In its annual Impact Awards, Charity Bank, the bank that exclusively serves the social economy, has recognised three of its clients for their outstanding positive impact.
Emmaus Brighton and Hove, a charity that offers volunteer work and accommodation, and a sense of community to the formerly homeless, won the award for greatest impact.
The organisation took out a loan from Charity Bank to expand its operations, opening up a new site in Hastings and Rother where homeless or unemployed people can work in furniture recycling, gaining a roof over their heads while rebuilding their self-esteem.
Folkestone Sports Centre took home the award for the most innovative use of loan finance.
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The charity borrowed to help refurbish its facilities, where disadvantaged youths, cardio patients and various community groups have access to affordable sport and leisure activities.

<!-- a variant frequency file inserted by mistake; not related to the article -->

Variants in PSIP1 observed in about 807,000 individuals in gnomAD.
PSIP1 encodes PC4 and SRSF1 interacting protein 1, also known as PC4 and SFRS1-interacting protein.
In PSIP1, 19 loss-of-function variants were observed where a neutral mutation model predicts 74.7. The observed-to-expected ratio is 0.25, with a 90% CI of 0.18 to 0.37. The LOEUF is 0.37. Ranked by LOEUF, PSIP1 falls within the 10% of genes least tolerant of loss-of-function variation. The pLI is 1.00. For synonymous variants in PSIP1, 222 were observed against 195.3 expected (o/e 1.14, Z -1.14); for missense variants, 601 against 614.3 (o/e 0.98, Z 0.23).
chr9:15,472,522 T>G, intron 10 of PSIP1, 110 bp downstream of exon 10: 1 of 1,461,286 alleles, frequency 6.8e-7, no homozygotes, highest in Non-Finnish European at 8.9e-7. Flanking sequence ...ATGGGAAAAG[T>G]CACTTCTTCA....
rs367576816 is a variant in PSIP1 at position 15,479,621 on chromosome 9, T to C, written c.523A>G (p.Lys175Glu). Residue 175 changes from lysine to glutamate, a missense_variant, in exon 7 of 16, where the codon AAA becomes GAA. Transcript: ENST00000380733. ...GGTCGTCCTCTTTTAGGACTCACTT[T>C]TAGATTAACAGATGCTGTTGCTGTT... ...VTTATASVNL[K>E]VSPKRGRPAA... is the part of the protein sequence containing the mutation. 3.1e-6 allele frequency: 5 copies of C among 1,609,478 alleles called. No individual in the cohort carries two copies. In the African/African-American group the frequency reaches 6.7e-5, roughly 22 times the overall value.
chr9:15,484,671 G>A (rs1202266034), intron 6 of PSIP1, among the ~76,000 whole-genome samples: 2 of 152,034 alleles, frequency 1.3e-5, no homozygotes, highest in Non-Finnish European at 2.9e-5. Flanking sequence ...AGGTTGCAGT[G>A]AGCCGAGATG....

Finally, the Derbyshire-based children’s charity Valley CIDS won the award for the best community initiative for its Blend Youth Project.
Its loan was used to finance the opening of six new charity shops.
“Because it is a condition of our loan finance that borrowers demonstrate social purpose and impact, the competition for the Charity Bank Impact Awards is intense”, said Charity Bank chief executive Patrick Crawford.
“All our borrowers were invited to apply earlier this year, as they all bring benefits to the communities and people they support. These awards are a celebration of our borrowers and their work of improving and enriching society.
“Our three winners have been outstanding and thoroughly deserve these accolades.”
Forum for the Future co-founder and renowned environmentalist Jonathon Porritt, a member of the Impact Awards judging panel, added, “This was all about capitalism as it will need to be.
“Capitalism that recognises the contribution of social and human capital. Charity Bank uses financial capital to build social capital.”
In May, Charity Bank reported that applications for its loans in January to April had increased 51% from the same period last year, suggesting that confidence is returning to the charitable sector after the financial crisis.
It is hoped the investment will enable the bank to reach its ambitious target of increasing lending from around £55m in 2013 to around £250m by the end of 2018.